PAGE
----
Introduction: It has been > 25 years since it was first discovered that arginine vasopressin levels are elevated in heart failure and this elevation is proportional to the severity of heart failure. Tolvaptan is an oral nonpeptide V2-selective antagonist and has been shown to induce free water excretion without increasing urine sodium, an effect termed 'aquaresis'. Areas covered: This paper aims to review the physiology, chemistry, pharmacokinetics, clinical efficacy and safety of tolvaptan in HF. A PubMed literature search was performed using 'tolvaptan' and the MeSH term 'heart failure', yielding 89 references. Expert opinion: Clinical trials conducted in ambulatory and hospitalized patients with HF have found treatment with tolvaptan causes rapid and sustained body weight reductions concurrent with increases in urine output, improves and/or normalizes serum sodium in hyponatremic patients, reduces signs and symptoms of congestion and increases thirst. However, tolvaptan has not been shown to decrease HF re-hospitalization or mortality. As an adjunct to standard therapy, tolvaptan is unique in that it is virtually the only novel agent tested in patients hospitalized for acute heart failure syndrome (AHFS) to reach its primary end point for short-term efficacy without causing deleterious side effects. There is theoretical concern that chronic V2 receptor blockade may cause harmful long-term side effects via enhanced V1a receptor activation, potentially offsetting any favorable effects on congestion and hyponatremia. The 'vaptan' class of drugs is an active and promising area for clinical investigation and future research is necessary to clarify the therapeutic role of selective and nonselective vasopressin inhibition in chronic HF and AHFS.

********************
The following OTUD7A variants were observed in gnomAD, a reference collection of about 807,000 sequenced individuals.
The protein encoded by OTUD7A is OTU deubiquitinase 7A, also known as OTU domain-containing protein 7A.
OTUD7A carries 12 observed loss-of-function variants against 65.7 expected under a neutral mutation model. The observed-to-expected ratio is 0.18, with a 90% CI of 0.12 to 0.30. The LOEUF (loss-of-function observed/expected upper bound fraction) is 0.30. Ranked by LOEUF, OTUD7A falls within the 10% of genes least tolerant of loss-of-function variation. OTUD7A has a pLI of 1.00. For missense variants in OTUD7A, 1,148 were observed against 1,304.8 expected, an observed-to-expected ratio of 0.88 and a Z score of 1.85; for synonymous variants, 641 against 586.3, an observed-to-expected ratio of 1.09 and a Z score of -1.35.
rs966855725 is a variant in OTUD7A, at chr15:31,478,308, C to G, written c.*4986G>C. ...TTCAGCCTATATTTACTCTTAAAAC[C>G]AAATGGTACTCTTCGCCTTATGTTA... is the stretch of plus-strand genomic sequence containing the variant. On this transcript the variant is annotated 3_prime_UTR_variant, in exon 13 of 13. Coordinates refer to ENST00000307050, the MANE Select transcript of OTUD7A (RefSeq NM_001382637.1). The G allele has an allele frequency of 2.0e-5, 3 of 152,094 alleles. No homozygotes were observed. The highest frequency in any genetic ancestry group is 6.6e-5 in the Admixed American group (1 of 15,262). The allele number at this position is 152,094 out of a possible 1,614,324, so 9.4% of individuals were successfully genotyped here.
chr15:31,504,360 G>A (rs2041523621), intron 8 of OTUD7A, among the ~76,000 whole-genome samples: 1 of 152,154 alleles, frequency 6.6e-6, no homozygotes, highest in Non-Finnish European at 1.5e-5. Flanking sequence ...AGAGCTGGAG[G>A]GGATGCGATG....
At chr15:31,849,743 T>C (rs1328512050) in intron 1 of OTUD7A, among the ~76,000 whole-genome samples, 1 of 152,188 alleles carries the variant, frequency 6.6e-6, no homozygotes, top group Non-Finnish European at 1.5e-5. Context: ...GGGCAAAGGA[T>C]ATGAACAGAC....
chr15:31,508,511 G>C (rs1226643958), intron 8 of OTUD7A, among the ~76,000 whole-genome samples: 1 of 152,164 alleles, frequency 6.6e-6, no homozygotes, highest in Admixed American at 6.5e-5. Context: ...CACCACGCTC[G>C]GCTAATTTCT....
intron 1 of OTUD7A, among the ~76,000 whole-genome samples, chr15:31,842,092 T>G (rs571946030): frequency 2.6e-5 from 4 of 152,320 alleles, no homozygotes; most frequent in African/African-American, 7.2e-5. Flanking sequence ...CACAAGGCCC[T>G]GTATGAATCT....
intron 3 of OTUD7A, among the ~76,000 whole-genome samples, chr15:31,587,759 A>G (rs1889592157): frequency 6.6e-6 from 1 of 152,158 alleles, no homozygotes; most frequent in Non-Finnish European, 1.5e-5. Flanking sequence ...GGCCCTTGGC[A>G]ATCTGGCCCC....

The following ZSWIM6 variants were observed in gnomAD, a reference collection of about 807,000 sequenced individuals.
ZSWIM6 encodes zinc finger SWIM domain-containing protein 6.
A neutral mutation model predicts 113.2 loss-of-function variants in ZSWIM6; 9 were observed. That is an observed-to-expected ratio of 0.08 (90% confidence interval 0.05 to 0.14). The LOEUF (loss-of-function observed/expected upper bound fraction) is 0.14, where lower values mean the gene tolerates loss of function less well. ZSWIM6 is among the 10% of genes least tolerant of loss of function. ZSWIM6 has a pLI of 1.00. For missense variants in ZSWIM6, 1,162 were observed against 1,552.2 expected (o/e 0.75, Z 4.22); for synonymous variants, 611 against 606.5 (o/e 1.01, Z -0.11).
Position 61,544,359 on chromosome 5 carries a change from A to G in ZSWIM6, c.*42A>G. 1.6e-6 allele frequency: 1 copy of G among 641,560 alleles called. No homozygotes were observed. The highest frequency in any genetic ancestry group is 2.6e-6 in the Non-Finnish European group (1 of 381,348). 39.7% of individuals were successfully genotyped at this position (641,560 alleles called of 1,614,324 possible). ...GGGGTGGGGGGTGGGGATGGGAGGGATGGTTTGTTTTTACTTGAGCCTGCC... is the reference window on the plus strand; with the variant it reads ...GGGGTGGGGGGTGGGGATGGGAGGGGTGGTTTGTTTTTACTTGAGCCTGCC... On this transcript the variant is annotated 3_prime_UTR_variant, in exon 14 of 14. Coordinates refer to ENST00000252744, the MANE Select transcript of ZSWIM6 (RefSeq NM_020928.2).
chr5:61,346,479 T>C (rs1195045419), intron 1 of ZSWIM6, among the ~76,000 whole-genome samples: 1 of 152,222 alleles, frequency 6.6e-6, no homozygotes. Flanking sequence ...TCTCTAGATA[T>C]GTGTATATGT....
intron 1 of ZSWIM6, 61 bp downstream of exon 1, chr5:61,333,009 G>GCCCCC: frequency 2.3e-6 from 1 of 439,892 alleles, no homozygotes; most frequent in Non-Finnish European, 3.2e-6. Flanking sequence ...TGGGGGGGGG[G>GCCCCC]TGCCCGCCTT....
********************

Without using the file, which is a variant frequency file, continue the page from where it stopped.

- acute heart failure syndromes
- antidiuretic hormone
- arginine vasopressin
- heart failure